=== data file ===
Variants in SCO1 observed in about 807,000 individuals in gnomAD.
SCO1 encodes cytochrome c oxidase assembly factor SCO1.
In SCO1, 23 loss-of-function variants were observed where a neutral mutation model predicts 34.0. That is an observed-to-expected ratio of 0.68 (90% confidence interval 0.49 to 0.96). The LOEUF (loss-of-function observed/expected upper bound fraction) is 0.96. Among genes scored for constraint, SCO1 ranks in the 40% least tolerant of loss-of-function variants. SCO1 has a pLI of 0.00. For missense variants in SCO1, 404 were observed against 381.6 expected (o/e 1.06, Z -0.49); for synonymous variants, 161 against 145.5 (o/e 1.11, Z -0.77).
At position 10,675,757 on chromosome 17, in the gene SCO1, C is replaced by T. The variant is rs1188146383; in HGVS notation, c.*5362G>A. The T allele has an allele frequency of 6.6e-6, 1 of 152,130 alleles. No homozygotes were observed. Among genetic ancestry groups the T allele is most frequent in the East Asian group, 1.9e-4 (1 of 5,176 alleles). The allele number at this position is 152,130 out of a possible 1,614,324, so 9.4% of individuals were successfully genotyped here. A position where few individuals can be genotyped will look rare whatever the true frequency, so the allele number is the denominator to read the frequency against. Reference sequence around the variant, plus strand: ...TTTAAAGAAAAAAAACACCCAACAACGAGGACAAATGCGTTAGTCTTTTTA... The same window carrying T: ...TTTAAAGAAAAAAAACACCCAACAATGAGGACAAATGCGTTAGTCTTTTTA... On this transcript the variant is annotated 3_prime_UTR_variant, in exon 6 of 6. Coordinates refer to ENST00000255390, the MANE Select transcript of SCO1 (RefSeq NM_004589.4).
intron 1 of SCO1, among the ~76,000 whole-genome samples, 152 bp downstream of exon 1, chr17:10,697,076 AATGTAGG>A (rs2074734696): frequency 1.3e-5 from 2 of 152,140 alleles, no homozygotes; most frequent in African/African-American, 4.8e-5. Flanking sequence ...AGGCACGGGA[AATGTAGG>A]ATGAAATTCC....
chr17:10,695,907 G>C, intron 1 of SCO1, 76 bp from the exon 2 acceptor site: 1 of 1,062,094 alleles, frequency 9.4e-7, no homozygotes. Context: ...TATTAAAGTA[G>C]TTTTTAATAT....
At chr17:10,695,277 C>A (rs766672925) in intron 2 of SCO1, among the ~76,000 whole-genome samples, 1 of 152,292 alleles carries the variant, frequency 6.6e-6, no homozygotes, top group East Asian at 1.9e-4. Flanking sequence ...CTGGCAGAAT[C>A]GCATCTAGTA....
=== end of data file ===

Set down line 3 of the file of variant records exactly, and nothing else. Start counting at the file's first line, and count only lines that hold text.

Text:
In SCO1, 23 loss-of-function variants were observed where a neutral mutation model predicts 34.0. That is an observed-to-expected ratio of 0.68 (90% confidence interval 0.49 to 0.96). The LOEUF (loss-of-function observed/expected upper bound fraction) is 0.96. Among genes scored for constraint, SCO1 ranks in the 40% least tolerant of loss-of-function variants. SCO1 has a pLI of 0.00. For missense variants in SCO1, 404 were observed against 381.6 expected (o/e 1.06, Z -0.49); for synonymous variants, 161 against 145.5 (o/e 1.11, Z -0.77).